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  The IDI Team

Triple the Benefits from
Your Facility Redesign Project

For many companies, workplace is a significant business expense. According to the IRS, rent and depreciation expenses average six percent of total costs across all US corporate returns.

For most businesses, however, payroll and related expenses are even greater. Payroll-related costs average 14 percent across all US corporate returns, more than twice rent and depreciation.

As a result, workplace innovations that improve both labor productivity and workplace costs offer triple the potential business and financial benefits compared to projects that only reduce workplace costs.

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Ten New Standards for
Meeting Room Design

In California, Leland Stanford or Charles Crocker sat at the head of the table celebrating the completion of the transcontinental railroad. In New York, J.P. Morgan and John D. Rockefeller managed the vast wealth of their banking and industrial empires. In North Carolina, James Buchanan Duke presided over the cultivation of countless acres of tobacco.

During the latter half of the nineteenth century, these men and others like them defined success in America and, coincidentally, established enduring fashions in meeting room design. A long, narrow table, elegantly crafted from a single piece of wood, dominated each room and focused attention toward the sole individual seated at the head of the table. Tall, straight-backed chairs, upholstered with luxurious hides, conveyed the status of all present and punctuated the formality of the proceedings.

Today, nearly 150 years later, meeting room use and practices have changed dramatically. Although some meetings still demand boardroom levels of formality, more often business meetings take place to engage, motivate, connect, and inform both customers and the workforce.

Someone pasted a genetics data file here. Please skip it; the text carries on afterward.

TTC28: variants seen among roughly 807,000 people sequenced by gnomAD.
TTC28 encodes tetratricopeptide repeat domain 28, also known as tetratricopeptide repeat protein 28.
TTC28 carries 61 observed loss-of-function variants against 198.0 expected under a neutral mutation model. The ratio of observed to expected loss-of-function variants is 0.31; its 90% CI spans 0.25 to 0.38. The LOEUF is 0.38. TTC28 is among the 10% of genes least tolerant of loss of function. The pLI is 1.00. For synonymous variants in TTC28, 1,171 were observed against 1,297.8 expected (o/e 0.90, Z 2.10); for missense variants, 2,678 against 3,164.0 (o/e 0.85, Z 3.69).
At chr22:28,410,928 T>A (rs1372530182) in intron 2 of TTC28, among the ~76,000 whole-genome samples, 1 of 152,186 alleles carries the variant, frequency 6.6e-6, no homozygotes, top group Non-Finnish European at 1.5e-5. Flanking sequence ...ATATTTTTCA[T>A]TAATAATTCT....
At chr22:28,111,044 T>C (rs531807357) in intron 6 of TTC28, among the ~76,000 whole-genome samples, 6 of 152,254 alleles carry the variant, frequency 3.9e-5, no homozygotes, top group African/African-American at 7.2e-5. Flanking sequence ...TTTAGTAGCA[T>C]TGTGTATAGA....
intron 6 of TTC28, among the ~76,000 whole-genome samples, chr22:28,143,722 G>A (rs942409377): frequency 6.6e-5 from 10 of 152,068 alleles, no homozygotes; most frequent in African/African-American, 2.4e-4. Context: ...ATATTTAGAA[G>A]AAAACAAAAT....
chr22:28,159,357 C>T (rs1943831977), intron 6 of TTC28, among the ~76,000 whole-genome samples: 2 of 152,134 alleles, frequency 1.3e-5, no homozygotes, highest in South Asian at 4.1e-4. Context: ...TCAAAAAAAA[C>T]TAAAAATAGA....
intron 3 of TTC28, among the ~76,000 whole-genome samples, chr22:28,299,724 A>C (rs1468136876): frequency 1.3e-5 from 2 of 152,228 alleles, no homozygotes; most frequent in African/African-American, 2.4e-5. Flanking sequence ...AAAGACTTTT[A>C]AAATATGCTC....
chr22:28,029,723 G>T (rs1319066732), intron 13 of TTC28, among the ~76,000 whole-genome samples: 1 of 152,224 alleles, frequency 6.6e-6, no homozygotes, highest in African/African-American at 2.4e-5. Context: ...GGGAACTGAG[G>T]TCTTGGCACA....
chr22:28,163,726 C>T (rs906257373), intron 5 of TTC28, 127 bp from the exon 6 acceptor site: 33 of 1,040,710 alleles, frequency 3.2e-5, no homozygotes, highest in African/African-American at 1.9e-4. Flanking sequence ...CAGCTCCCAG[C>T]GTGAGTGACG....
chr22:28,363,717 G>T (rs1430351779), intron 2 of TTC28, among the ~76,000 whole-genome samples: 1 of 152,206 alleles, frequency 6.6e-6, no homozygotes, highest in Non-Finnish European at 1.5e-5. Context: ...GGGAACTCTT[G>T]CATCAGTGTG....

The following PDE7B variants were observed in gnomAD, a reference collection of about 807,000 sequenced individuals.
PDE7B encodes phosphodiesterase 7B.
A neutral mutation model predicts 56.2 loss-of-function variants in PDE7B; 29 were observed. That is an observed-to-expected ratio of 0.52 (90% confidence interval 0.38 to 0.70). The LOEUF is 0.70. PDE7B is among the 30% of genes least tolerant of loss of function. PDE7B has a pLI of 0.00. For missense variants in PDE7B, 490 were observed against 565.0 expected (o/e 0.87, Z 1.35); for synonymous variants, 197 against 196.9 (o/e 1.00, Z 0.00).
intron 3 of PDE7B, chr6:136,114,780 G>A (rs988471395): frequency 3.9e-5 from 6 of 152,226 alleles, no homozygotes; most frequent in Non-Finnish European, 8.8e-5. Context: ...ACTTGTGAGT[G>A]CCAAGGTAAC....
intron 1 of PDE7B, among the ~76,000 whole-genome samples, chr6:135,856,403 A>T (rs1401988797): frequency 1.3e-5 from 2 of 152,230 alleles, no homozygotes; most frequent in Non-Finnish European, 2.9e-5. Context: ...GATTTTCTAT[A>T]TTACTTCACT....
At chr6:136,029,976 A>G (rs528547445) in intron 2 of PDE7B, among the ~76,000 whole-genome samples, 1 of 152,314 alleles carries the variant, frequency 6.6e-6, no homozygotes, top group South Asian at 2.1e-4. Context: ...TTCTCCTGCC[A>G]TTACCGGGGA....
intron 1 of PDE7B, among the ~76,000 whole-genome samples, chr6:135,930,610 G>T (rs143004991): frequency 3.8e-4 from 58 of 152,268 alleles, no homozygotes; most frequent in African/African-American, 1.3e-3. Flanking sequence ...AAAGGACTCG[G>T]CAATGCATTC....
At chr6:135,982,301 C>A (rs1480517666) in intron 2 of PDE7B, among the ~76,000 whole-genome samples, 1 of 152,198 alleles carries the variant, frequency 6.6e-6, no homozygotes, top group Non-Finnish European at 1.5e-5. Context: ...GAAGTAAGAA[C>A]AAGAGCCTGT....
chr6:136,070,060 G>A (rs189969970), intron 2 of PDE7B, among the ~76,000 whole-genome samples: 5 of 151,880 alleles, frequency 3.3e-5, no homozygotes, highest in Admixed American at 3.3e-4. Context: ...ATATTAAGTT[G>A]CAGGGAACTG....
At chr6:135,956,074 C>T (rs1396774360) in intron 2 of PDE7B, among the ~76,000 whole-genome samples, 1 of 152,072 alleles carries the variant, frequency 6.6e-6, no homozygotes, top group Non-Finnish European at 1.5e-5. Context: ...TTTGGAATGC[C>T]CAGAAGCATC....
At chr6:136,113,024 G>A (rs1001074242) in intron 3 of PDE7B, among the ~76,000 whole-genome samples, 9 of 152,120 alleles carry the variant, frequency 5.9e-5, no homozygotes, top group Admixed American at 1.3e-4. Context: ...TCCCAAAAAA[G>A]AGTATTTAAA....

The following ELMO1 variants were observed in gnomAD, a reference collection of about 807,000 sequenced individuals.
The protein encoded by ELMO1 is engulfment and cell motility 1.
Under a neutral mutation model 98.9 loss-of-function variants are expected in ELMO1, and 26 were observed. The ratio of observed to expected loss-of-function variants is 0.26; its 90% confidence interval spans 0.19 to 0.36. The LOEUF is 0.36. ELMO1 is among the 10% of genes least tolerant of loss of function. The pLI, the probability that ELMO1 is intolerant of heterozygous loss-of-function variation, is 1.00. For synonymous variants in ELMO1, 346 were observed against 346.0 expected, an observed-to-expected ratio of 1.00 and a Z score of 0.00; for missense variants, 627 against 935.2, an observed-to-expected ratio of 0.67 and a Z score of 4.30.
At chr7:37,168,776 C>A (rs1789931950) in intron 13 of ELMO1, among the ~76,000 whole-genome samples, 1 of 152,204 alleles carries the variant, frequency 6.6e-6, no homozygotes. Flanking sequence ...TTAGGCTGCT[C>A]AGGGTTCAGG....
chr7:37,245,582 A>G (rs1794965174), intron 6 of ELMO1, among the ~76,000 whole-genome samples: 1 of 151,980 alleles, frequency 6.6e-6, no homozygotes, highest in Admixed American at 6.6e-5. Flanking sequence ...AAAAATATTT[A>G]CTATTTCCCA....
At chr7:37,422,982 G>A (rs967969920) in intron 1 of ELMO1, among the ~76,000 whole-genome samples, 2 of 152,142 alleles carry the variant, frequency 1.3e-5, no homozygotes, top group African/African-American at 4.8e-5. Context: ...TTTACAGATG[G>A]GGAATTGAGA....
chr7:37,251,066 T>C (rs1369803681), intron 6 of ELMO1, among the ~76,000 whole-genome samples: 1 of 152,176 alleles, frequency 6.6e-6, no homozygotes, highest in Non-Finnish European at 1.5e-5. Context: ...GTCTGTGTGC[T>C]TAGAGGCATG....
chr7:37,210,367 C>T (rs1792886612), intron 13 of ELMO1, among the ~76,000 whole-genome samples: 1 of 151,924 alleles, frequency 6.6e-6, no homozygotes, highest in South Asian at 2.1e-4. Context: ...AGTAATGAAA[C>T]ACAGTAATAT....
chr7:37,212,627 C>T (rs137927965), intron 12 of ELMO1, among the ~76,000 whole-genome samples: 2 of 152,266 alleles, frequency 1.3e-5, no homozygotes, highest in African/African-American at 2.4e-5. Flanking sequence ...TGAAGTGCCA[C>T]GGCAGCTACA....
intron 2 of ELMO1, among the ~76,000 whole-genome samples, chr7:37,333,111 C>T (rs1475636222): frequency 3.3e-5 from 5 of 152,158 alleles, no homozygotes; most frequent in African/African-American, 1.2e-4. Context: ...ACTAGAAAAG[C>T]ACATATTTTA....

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Ten Things High Performing Managers Know About Organizational Design

In March 1990, a groundbreaking article by Michael E. Porter, a Harvard Business School professor, was published in the Harvard Business Review. Titled, "Competitive Advantage of Nations," the article cited findings from a multi-year study into the results of the world's largest trading countries, collectively accounting for 50 percent of all world exports in that era. Results highlighted the importance of innovation in promoting and maintaining what Porter called our national competitiveness, or our relative ability to develop and maintain economic strength on a world stage.

Often in business, headlines and simple messages gather momentum while the rich detail of the message is lost. During the two intervening decades, innovation and national competitiveness have become tightly linked in the American business press, undoubtedly leaving many Americans to believe that our country's economic future is determined not by their work but instead by a small number of high tech companies, R&D experts and product development specialists.

However, what Porter's research actually demonstrated and what he reported was this.

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About Intentional Design Inc.

We are a privately-held company headquartered in Silicon Valley, south of San Francisco. Our core competencies are organizational design and development and strategic change management. While evolving in form, our practice has been in continuous operation for more than 22 years.

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Contact Intentional Design Inc.

mydesignteam@intentionaldesign.com
+1 (650) 336-8174
PO Box 1468
Los Altos, CA 94023

© 2011 Intentional Design Inc.